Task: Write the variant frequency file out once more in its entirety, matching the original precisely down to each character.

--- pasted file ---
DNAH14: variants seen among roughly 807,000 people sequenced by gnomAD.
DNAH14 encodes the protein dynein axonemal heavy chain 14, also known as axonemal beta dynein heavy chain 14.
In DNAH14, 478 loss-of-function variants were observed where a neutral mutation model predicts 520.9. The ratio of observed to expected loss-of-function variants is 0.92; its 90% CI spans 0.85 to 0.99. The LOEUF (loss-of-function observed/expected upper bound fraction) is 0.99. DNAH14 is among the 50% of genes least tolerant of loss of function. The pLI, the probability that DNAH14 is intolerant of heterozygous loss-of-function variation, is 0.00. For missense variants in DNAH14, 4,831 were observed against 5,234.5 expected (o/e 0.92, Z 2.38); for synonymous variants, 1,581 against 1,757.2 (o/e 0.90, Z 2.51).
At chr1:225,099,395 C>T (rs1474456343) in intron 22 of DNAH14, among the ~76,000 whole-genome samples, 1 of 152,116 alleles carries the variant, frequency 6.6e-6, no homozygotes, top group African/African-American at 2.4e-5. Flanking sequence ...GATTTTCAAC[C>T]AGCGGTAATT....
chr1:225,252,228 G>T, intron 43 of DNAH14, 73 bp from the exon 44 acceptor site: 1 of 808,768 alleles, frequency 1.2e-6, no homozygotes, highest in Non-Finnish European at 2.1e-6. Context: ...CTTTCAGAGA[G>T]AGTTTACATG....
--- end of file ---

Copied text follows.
DNAH14: variants seen among roughly 807,000 people sequenced by gnomAD.
DNAH14 encodes the protein dynein axonemal heavy chain 14, also known as axonemal beta dynein heavy chain 14.
In DNAH14, 478 loss-of-function variants were observed where a neutral mutation model predicts 520.9. The ratio of observed to expected loss-of-function variants is 0.92; its 90% CI spans 0.85 to 0.99. The LOEUF (loss-of-function observed/expected upper bound fraction) is 0.99. DNAH14 is among the 50% of genes least tolerant of loss of function. The pLI, the probability that DNAH14 is intolerant of heterozygous loss-of-function variation, is 0.00. For missense variants in DNAH14, 4,831 were observed against 5,234.5 expected (o/e 0.92, Z 2.38); for synonymous variants, 1,581 against 1,757.2 (o/e 0.90, Z 2.51).
At chr1:225,099,395 C>T (rs1474456343) in intron 22 of DNAH14, among the ~76,000 whole-genome samples, 1 of 152,116 alleles carries the variant, frequency 6.6e-6, no homozygotes, top group African/African-American at 2.4e-5. Flanking sequence ...GATTTTCAAC[C>T]AGCGGTAATT....
chr1:225,252,228 G>T, intron 43 of DNAH14, 73 bp from the exon 44 acceptor site: 1 of 808,768 alleles, frequency 1.2e-6, no homozygotes, highest in Non-Finnish European at 2.1e-6. Context: ...CTTTCAGAGA[G>T]AGTTTACATG....